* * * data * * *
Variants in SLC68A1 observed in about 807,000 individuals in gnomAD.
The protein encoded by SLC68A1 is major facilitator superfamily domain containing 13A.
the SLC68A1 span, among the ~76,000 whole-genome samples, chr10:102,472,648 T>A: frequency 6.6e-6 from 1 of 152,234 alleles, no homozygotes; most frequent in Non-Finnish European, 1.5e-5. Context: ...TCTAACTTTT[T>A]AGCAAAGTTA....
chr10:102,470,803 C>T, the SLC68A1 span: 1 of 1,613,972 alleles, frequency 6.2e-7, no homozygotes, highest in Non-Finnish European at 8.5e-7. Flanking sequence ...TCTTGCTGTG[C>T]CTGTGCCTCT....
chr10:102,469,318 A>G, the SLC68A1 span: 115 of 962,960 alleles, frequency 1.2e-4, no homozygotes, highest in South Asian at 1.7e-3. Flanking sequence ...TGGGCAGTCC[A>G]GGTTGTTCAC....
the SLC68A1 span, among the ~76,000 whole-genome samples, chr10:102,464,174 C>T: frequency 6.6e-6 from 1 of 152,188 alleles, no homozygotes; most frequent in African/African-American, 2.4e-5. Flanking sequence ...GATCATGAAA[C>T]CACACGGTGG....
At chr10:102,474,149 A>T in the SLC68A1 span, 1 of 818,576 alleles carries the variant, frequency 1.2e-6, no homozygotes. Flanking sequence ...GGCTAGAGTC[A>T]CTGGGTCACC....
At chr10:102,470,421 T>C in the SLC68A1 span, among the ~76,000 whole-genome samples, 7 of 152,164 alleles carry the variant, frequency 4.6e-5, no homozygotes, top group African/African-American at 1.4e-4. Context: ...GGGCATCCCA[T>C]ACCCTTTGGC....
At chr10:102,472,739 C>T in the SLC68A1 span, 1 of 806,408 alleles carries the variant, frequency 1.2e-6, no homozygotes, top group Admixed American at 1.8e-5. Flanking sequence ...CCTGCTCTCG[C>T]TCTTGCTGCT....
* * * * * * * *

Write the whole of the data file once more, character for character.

Variants in SLC68A1 observed in about 807,000 individuals in gnomAD.
The protein encoded by SLC68A1 is major facilitator superfamily domain containing 13A.
the SLC68A1 span, among the ~76,000 whole-genome samples, chr10:102,472,648 T>A: frequency 6.6e-6 from 1 of 152,234 alleles, no homozygotes; most frequent in Non-Finnish European, 1.5e-5. Context: ...TCTAACTTTT[T>A]AGCAAAGTTA....
chr10:102,470,803 C>T, the SLC68A1 span: 1 of 1,613,972 alleles, frequency 6.2e-7, no homozygotes, highest in Non-Finnish European at 8.5e-7. Flanking sequence ...TCTTGCTGTG[C>T]CTGTGCCTCT....
chr10:102,469,318 A>G, the SLC68A1 span: 115 of 962,960 alleles, frequency 1.2e-4, no homozygotes, highest in South Asian at 1.7e-3. Flanking sequence ...TGGGCAGTCC[A>G]GGTTGTTCAC....
the SLC68A1 span, among the ~76,000 whole-genome samples, chr10:102,464,174 C>T: frequency 6.6e-6 from 1 of 152,188 alleles, no homozygotes; most frequent in African/African-American, 2.4e-5. Flanking sequence ...GATCATGAAA[C>T]CACACGGTGG....
At chr10:102,474,149 A>T in the SLC68A1 span, 1 of 818,576 alleles carries the variant, frequency 1.2e-6, no homozygotes. Flanking sequence ...GGCTAGAGTC[A>T]CTGGGTCACC....
At chr10:102,470,421 T>C in the SLC68A1 span, among the ~76,000 whole-genome samples, 7 of 152,164 alleles carry the variant, frequency 4.6e-5, no homozygotes, top group African/African-American at 1.4e-4. Context: ...GGGCATCCCA[T>C]ACCCTTTGGC....
At chr10:102,472,739 C>T in the SLC68A1 span, 1 of 806,408 alleles carries the variant, frequency 1.2e-6, no homozygotes, top group Admixed American at 1.8e-5. Flanking sequence ...CCTGCTCTCG[C>T]TCTTGCTGCT....